I realize it might be nice to find a place free from election news today, but it what's I'm thinking about today too. I'm opting for a little non-partisan encouragement. First, Agatha Christie:
"Politicians don't have time to look at the world they're living in. They see the country they're living in and they see it as one vast electoral platform. That's quite enough to put on their plates for the time being."
Or, at the risk of sounding jaded, no matter the results of the election today, "People never mind spending a great deal of money. It impresses them. It's when you want to do things nice and economically, they won't play." It's not all death and mayhem in Agatha Christie's mysteries.
Are you proud of your candidates, how much money they've raised and spent? Or do you feel all the money spent is billions of wasted dollars and your discouraged? Freakonomics offers a good perspective. (Am I allowed to love this book the way I do? I don't always agree. The book makes me ask questions and, even better, it makes me laugh.) According to Levitt and Dubner, Americans spend no more per year on democratic elections than on chewing gum. Which do you love more, democracy or gum?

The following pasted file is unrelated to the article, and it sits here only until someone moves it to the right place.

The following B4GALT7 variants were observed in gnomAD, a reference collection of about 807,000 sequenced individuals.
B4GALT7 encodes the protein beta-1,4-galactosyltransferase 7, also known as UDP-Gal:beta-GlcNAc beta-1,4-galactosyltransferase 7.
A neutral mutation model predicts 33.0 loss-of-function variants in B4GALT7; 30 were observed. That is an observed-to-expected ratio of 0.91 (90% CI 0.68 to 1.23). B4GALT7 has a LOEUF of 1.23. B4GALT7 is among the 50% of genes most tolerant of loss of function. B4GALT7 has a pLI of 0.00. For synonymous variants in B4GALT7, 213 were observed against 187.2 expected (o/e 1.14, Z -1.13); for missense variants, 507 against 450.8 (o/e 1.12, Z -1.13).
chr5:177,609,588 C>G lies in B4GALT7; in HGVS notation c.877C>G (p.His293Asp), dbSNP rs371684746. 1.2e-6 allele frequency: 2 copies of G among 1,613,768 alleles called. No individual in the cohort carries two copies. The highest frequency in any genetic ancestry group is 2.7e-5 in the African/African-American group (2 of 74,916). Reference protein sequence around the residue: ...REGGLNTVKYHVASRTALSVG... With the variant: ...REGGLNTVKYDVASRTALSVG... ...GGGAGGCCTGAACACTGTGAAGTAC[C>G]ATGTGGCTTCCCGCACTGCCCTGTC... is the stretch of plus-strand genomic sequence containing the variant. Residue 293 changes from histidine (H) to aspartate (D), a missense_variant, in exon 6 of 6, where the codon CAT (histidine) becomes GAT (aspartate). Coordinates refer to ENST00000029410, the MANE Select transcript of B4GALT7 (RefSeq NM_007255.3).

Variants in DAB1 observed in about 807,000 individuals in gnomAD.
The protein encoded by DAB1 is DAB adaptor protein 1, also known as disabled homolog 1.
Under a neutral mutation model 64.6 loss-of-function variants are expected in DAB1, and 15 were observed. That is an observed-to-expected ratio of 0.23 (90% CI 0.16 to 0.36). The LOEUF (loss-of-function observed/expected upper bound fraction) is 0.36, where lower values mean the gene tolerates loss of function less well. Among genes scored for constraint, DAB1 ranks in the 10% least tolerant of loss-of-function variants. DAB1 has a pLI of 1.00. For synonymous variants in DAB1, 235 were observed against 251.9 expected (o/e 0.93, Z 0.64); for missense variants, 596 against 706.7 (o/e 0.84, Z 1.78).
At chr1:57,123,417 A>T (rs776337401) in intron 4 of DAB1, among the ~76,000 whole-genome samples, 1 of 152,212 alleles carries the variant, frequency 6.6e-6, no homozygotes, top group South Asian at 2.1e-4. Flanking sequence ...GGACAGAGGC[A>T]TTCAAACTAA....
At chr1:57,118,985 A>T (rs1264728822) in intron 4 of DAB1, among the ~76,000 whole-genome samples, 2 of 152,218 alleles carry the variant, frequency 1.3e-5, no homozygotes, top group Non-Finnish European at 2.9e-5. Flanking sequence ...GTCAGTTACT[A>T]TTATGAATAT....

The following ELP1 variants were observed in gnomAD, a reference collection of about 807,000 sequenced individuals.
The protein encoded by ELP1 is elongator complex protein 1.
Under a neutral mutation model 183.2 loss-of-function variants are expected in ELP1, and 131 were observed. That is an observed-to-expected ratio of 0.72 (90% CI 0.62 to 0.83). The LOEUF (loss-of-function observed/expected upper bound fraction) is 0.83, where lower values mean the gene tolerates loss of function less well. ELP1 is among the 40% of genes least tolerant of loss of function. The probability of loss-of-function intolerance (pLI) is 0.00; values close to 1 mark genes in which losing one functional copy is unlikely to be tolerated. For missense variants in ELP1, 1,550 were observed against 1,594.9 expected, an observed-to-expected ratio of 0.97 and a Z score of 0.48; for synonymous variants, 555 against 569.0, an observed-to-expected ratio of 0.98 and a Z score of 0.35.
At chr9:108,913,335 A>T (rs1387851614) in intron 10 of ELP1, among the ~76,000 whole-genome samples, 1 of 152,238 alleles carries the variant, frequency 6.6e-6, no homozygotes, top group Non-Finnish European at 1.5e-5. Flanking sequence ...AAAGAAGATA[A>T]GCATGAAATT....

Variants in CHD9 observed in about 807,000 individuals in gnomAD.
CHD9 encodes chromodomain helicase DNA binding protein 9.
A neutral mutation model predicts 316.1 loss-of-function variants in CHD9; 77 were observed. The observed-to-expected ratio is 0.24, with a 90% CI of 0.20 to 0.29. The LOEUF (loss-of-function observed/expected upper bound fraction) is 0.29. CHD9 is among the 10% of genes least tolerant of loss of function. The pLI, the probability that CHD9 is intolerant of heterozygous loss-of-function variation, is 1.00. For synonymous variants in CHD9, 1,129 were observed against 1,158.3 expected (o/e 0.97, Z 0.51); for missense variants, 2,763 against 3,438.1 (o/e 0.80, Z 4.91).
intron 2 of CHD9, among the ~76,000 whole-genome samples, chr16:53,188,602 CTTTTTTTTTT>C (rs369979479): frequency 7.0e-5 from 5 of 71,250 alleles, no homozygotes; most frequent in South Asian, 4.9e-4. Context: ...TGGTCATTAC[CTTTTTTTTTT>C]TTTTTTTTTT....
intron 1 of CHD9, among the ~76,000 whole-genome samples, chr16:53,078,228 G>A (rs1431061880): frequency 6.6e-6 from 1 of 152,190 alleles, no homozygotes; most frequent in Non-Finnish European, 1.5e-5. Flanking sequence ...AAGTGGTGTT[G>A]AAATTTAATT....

And God? Last night at Bible Study we were discussing Isaiah 10 and Assyria's pride in their accomplishment. God says, "Is the axe to boast itself over the one who chops with it? Is the saw to exalt itself over the one who wields it?" Let's put our pride in American exceptionalism to rest and remember God is the Master Craftsman using men and governments as tools is His own hands, according to His own wise counsel.
Psalm 2 tells us God sits in the heavens and laughs as rulers take counsel together against Him. He says, "I have installed My King upon Zion, My holy mountain." The reign of Jesus Christ is the unchangeable plan of God, and He directs us to show discernment and reverence. And He closes the Psalm, in verse 12, "How blessed are all who take refuge in Him!"
I bore that in mind as I cast my ballot. And, yes, I did read far enough in Freakonomics to know that my vote doesn't matter.